As for the DeHart situation, you have no idea what a judge might rule. And extension of time was not the only issue there. A traffic stop cannot be extended, even for one second, absent reasonable suspicion of criminal activity related to the vehicle. DeHart's own actions show there was no suspicion of criminal activity. We were going to the frickin' library -- a known den of criminal activity. Again, your lack of understanding about the law is glaring; it should, however, qualify you to be a cop.

I don't have to hem and haw about whether it was lawful search because I did the leg work to get the incident report, and it shows it was unlawful. You don't like what the law says, and you don't like what the incident report says, so you claim I'm biased against cops.

I guess you support the Clever PD chief who is charged with stealing public funds? What's his name, Randall Bruce? You support alleged thieves, I presume?

As for Blake's girlfriend, she wasn't the driver, she didn't own the vehicle, and she wasn't charged with anything . . . so, why does her presence around the vehicle matter?

It's clear now that you are one of these types who makes excuses for corrupt cops. That explains your refusal to read, learn, and understand. Thanks for outing yourself.

Anonymous said...

@9:36 --

You don't know the meaning of the word prejudice. It is to pre-judge, it's "preconceived opinion that is not based on reason or actual experience."

I read this blog regularly, and I know its author has plenty of experience upon which to base his opinions about cops. That's not prejudice; it's sound judgment, based on first-hand knowledge.

Anonymous said...

The breathalyzer coming up ZERO doesn't not prove your nephew was not DUI. He was probably high. And no, police do not release impaired drivers after they "pass" the alcohol breath testing phase. They cannot legally or in good conscience release a driver they know to be impaired by something. The officer used the Field Sobriety Test to conclude that Shuler's nephew was impaired by something. The breath alcohol test just showed that he wasn't impaired due to alcohol. Probably pills and weed.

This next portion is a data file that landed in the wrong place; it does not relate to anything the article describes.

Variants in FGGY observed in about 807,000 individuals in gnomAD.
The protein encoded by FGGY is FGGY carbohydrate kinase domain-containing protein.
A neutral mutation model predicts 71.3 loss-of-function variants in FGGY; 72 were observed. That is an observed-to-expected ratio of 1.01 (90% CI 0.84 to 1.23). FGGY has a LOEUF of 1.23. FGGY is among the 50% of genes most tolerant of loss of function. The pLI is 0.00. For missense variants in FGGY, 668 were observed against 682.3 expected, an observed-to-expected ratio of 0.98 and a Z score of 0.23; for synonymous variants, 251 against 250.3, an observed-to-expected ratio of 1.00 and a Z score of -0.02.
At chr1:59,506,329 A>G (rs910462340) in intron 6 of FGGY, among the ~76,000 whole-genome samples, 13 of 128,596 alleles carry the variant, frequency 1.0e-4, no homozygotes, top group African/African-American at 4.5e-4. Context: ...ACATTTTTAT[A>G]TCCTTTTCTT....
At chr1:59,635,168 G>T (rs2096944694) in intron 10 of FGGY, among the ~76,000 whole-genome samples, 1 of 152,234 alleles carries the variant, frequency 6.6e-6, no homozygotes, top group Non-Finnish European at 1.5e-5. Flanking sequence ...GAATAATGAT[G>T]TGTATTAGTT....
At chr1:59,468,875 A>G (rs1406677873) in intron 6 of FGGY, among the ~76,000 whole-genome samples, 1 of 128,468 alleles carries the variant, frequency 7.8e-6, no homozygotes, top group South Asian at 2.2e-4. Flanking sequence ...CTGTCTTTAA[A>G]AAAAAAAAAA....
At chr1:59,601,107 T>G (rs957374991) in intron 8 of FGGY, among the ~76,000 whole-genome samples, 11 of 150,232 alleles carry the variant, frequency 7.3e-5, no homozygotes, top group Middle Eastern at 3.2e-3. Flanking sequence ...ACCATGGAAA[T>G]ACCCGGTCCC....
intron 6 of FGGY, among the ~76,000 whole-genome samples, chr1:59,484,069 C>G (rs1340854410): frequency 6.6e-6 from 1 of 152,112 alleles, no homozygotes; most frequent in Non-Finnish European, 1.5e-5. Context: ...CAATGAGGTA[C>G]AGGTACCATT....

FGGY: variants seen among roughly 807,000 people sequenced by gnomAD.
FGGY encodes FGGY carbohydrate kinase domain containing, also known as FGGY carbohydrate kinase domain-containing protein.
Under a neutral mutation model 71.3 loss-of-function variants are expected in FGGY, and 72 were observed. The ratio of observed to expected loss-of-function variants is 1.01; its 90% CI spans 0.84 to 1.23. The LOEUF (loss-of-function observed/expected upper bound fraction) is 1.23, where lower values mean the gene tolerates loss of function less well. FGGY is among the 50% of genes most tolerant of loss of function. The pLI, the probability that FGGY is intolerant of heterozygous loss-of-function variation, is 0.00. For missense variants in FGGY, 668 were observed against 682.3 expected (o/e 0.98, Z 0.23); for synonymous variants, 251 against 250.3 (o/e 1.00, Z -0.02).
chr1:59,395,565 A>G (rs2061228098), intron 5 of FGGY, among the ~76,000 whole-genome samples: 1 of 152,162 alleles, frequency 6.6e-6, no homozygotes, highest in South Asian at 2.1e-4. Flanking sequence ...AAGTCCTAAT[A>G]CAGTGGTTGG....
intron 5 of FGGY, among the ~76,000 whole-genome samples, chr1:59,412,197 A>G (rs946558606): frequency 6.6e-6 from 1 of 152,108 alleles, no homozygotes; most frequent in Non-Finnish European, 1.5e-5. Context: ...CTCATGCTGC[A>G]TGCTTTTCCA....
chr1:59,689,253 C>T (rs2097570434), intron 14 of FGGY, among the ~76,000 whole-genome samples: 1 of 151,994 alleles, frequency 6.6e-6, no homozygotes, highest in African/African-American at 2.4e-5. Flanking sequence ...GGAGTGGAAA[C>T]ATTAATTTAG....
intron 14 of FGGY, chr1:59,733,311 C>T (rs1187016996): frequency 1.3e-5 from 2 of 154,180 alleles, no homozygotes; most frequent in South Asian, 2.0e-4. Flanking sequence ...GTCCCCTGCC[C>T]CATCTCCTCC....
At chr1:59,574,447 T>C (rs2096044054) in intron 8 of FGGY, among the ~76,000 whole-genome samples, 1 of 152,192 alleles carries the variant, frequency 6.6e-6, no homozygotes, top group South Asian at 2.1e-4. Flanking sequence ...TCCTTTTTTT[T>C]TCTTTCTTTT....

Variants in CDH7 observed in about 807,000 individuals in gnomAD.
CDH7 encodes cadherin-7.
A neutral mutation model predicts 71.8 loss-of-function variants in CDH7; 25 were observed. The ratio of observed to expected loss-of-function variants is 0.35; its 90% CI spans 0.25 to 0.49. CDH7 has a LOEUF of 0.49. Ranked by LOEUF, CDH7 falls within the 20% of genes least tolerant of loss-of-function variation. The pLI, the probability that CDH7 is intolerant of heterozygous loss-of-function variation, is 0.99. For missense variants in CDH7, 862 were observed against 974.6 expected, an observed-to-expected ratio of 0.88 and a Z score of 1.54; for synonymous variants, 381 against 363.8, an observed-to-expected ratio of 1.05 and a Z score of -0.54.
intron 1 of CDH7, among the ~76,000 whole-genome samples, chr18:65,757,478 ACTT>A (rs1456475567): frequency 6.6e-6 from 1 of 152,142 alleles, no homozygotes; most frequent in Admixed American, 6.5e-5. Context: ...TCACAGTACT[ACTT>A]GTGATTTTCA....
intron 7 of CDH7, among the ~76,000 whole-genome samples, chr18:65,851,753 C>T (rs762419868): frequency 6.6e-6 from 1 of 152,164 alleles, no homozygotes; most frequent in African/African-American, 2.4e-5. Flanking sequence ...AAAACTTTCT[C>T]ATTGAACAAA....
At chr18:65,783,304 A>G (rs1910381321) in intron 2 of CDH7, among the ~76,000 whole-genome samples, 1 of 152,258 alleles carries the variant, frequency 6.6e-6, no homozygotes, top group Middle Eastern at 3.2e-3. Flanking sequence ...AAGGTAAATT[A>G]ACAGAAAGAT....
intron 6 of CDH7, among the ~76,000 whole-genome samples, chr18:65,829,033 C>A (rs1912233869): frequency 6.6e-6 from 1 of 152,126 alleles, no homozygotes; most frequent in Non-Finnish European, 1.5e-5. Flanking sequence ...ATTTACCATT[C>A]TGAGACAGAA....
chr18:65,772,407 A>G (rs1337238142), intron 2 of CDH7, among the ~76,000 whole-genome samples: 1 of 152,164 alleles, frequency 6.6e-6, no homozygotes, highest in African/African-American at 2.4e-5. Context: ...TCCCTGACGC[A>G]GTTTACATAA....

legalschnauzer said...

@10:25 --

Thanks for one of the funniest comments I've ever read. I notice you provide zero citations to law to support your claims, and that surely is because there is no law to support your claims. Drivers are detained because cops "know" they are impaired by something? Drivers are detained because they "probably" are impaired by pills and weed, although cops can't even provide probable cause of such impairment? That you apparently wrote this comment with a straight face, shows you must be one of the most ignorant people on the face of the planet.

Let me guess? You're a lawyer. Hah!

legalschnauzer said...

@10:25 --

BTW, if you had bothered reading the incident report, you would have seen the last sentence in the next-to-last paragraph:

"I told Schuler (sic) he was free to leave, and he exited the scene."

I'll be darned, they let him go, even though they "knew" he was impaired, "probably" on pills and weed. And you claimed, by law and as a matter of conscience, they couldn't do that. The record shows they did exactly what you said they couldn't do.

Need something to fill up that empty space between your ears? Hah!